For many years I have wanted a canopy on my trike. However I could never afford one and although I can fabricate everything I lack the sewing skills and equipment needed to make the material part of it. I mean … the frame isn’t going to do me much good without the material over it. Those small diameter poles/rods just don’t provide much shade. 😉
Recently a posting on Facebook Recumbent Trikes Group showed a kayak canopy installed on a tadpole trike. It looked pretty good and the price … well, let’s just say it is affordable … like $56 with free shipping from Amazon. With another $15 for various hardware type items I had a canopy for a total of about $71. BTW, after buying mine thru Amazon for $56 I found it for only $36 on Ebay. That is par for the course. Right now as I compose this the price on Ebay is higher than $36 as it seems to fluctuate. Even so Ebay offers it for less than Amazon.
As you can see I selected the safety orange which, of course, adds even more to safety as I ride as it really stands out. Of course, like all other colors and fabric it fades out some by the sun as time goes by.
I have seen other canopies on tadpole trikes and watched them bob around every which way. I am pleased to report that this kayak canopy is very stable. I have had it up to 28 mph in 16 mph winds and it was rock solid. I am very pleased with it. (And I have been out in even stronger winds since I first wrote this. It did great!) And it is larger than most trike canopies so it offers a little bit more protection. It measures 2 foot wide by 4 foot long and the rear vertical part comes down 7.5 inches. I didn’t know if I would like the rounded front end as all the canopies I have ever seen are rectangular.
The material is some sort of nylon (I think) and it is made like a sleeve (pillowcase) which simply slides over the frame. The frame is aluminum tubing like modern day tent poles … sections which fit together and have an elastic cord inside of them connecting them all together. Being aluminum tubing rather than fiberglass rods they don’t flex nearly as much which is what makes the canopy so stable. I shortened the height of the canopy by 7.5 inches to get it closer to my head so that it offers increased protection. I had to add the arched support piece to hold the canopy up higher in the back so it is away from my head. Once I get up to 8 mph the air moving against the material will raise it up and back and keep it off of me but I didn’t like it touching me when I slow down or stop so I added the support piece to eliminate the problem.
I added an additional support to raise the canopy up higher right above my head. That way I can have the canopy down as low as practical to provide maximum shade and protection.
There is plenty of “spring” in the aluminum tubing so that when the front is not hooked down into riding position it raises way up out of the way making it easy to get on and off of the trike. Please note that it is very necessary and important to hang onto the front tie down(s) if unhooked when it is windy. If it is windy I immediately refasten the canopy back down once I have gotten up out of the seat as the wind could do damage to the frame of the canopy.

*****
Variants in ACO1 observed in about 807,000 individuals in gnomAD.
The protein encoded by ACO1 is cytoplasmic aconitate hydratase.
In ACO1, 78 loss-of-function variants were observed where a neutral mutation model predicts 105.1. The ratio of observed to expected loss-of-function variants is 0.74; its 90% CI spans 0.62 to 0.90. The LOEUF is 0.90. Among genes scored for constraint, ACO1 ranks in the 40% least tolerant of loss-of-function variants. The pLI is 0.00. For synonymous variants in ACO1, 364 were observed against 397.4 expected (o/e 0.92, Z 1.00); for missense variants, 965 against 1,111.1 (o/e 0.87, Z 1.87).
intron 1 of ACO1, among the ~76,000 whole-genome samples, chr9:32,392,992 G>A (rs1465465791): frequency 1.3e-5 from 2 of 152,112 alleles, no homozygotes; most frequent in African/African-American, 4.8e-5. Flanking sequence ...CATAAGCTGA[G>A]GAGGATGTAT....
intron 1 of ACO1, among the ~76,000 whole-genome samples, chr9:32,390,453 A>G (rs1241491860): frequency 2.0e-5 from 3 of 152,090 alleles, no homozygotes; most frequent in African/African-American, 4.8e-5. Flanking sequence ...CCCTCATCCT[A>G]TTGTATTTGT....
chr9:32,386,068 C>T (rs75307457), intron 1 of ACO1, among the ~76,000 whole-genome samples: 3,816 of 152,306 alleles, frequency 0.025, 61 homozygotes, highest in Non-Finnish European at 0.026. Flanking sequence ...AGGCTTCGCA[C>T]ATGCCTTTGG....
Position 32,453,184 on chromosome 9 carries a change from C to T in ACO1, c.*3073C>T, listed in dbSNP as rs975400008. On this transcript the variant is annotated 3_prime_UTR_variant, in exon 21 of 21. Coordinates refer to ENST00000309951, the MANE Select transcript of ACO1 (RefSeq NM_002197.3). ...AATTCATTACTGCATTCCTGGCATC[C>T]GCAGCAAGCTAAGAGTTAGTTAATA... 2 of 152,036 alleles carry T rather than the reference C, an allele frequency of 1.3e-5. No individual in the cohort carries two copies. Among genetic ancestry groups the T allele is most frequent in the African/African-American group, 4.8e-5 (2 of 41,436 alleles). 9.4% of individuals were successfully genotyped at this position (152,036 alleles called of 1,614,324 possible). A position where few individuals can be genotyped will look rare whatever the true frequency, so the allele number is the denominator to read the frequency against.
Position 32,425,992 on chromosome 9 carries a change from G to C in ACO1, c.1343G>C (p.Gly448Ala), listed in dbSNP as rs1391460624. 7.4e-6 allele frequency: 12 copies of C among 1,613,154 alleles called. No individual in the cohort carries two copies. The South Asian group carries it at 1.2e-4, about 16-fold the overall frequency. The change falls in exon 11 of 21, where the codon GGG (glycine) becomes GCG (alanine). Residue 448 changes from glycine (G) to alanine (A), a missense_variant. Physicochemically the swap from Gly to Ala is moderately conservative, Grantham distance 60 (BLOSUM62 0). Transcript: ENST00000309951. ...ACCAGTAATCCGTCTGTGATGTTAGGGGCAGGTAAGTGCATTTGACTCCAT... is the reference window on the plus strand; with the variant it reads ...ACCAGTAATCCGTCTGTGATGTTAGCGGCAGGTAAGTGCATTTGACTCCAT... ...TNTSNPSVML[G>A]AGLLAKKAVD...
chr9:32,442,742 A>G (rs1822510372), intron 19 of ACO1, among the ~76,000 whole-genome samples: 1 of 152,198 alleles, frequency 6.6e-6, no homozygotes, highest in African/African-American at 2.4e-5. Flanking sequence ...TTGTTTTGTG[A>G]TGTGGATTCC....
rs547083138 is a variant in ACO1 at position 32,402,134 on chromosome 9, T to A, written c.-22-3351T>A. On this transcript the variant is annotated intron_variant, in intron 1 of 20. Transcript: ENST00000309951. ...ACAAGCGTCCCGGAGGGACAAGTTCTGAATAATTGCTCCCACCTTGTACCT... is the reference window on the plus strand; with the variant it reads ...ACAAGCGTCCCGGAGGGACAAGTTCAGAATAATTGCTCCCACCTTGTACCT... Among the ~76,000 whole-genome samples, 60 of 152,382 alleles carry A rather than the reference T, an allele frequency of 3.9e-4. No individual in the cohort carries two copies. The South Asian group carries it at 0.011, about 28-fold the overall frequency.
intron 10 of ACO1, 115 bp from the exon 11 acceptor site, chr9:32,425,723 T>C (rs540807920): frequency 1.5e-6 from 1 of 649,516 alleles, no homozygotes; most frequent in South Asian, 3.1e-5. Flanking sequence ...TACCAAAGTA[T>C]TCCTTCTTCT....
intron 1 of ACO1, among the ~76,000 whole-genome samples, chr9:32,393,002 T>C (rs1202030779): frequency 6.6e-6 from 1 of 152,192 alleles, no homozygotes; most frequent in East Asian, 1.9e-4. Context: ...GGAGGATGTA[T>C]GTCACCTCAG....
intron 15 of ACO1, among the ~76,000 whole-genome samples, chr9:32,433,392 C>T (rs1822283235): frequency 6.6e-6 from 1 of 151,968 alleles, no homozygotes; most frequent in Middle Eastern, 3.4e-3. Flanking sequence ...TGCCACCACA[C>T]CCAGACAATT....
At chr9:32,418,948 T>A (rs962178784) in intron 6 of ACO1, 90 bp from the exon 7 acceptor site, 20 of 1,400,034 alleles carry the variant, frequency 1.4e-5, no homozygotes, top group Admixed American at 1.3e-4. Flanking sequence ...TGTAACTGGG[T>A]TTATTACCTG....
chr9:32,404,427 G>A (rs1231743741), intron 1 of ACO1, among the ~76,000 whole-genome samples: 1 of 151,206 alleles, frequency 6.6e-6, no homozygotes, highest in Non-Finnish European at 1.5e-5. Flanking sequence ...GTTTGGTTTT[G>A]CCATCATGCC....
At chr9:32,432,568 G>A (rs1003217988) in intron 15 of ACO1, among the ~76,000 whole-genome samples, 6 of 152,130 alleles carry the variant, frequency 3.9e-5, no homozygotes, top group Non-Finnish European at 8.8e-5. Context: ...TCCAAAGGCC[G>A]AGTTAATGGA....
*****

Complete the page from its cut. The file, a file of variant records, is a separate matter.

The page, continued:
I first mounted it using plastic cable ties just to get an idea what it would look like as well as help me figure out what I needed to do to come up with a proper mounting system. It was a fairly easy task and what I came up with works great. I used two 15 inch long pieces of 1/2 PVC pipe with caps on the bottom so the canopy tubes can’t go past the bottom end of the PVC pipe.
With this setup it is very quick and easy to install and remove the canopy from the trike. It takes about the same amount of time as it does to put my two safety flags in their holders. Again, I could not be more pleased with the way this all works.
Here is my view with the canopy in place …
As you can see I have a V tie down which I prefer over the single tie down in the center of the front. The V is more stable than a single cord in the center and it eliminates having to look thru a single tie down in front. It fastens down to the front derailleur post. I removed the plastic plug in the post and replaced it with a rubber pipe plug. I used a 5/16 eye bolt in a rubber pipe plug replacing the 5/16 inch bolt which came in the rubber plug.
And here is the front view …
And here is the rear view. As you can see I have complete protection from the sun on my backside which is really nice. Much to my surprise and delight it does not cut off the air flow any appreciable amount.
Here is a closeup view of the mounting area …
I already had some of the clamps used to mount the PVC pipe on the top end to the seat frame.
I bought these others shown in the picture below. I got 5/8 inch for the PVC pipe and 1 inch for the trike frame (rear stays) at the bottom of the PVC pipe.
Since I first posted this I have redone the top mount of the pvc tubing on the top of the seat back frame. I did away with the plastic pieces replacing them with the same kind of clamps I used on the seat back frame … only a smaller diameter clamp. The plastic clamps did not hold up.
The bottom line is … At this point I am a happy camper with this canopy setup.
I may try tinkering with it … adding something onto the sides to help provide more shade. But for now for a fairly low cost I have a very functional canopy and my plan is to …
KEEP ON TRIKIN’
If you are interested I have written other articles about canopies previously.
A FREE GIFT awaits you!
Below is a video of another triker’s kayak canopy …
And here is his video showing how he mounted his canopy …
Lastly here is his video showing how to lower the canopy by shortening the aluminum tubes …